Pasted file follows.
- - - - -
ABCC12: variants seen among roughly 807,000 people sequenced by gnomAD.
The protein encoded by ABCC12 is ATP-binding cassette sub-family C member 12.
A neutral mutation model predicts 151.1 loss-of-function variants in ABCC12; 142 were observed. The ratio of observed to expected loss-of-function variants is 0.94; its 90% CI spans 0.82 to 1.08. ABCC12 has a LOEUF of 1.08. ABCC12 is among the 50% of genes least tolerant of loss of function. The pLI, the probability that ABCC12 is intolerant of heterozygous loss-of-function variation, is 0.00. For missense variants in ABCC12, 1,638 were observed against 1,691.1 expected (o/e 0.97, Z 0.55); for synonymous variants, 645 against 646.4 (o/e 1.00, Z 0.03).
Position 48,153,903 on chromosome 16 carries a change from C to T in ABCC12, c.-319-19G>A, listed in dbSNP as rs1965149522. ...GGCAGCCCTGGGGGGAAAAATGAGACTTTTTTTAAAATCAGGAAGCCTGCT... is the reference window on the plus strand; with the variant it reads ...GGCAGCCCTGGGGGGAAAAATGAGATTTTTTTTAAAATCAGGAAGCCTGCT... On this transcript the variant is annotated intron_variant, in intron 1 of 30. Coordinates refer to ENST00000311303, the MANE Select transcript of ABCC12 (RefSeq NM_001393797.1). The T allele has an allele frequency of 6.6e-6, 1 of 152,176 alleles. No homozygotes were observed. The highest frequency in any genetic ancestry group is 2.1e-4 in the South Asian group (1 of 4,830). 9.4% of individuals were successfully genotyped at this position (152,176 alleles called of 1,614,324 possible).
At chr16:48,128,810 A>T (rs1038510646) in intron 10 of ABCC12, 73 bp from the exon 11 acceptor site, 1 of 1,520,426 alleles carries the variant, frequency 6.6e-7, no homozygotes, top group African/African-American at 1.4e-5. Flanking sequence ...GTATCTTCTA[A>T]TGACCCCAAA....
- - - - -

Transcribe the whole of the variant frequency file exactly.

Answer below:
ABCC12: variants seen among roughly 807,000 people sequenced by gnomAD.
The protein encoded by ABCC12 is ATP-binding cassette sub-family C member 12.
A neutral mutation model predicts 151.1 loss-of-function variants in ABCC12; 142 were observed. The ratio of observed to expected loss-of-function variants is 0.94; its 90% CI spans 0.82 to 1.08. ABCC12 has a LOEUF of 1.08. ABCC12 is among the 50% of genes least tolerant of loss of function. The pLI, the probability that ABCC12 is intolerant of heterozygous loss-of-function variation, is 0.00. For missense variants in ABCC12, 1,638 were observed against 1,691.1 expected (o/e 0.97, Z 0.55); for synonymous variants, 645 against 646.4 (o/e 1.00, Z 0.03).
Position 48,153,903 on chromosome 16 carries a change from C to T in ABCC12, c.-319-19G>A, listed in dbSNP as rs1965149522. ...GGCAGCCCTGGGGGGAAAAATGAGACTTTTTTTAAAATCAGGAAGCCTGCT... is the reference window on the plus strand; with the variant it reads ...GGCAGCCCTGGGGGGAAAAATGAGATTTTTTTTAAAATCAGGAAGCCTGCT... On this transcript the variant is annotated intron_variant, in intron 1 of 30. Coordinates refer to ENST00000311303, the MANE Select transcript of ABCC12 (RefSeq NM_001393797.1). The T allele has an allele frequency of 6.6e-6, 1 of 152,176 alleles. No homozygotes were observed. The highest frequency in any genetic ancestry group is 2.1e-4 in the South Asian group (1 of 4,830). 9.4% of individuals were successfully genotyped at this position (152,176 alleles called of 1,614,324 possible).
At chr16:48,128,810 A>T (rs1038510646) in intron 10 of ABCC12, 73 bp from the exon 11 acceptor site, 1 of 1,520,426 alleles carries the variant, frequency 6.6e-7, no homozygotes, top group African/African-American at 1.4e-5. Flanking sequence ...GTATCTTCTA[A>T]TGACCCCAAA....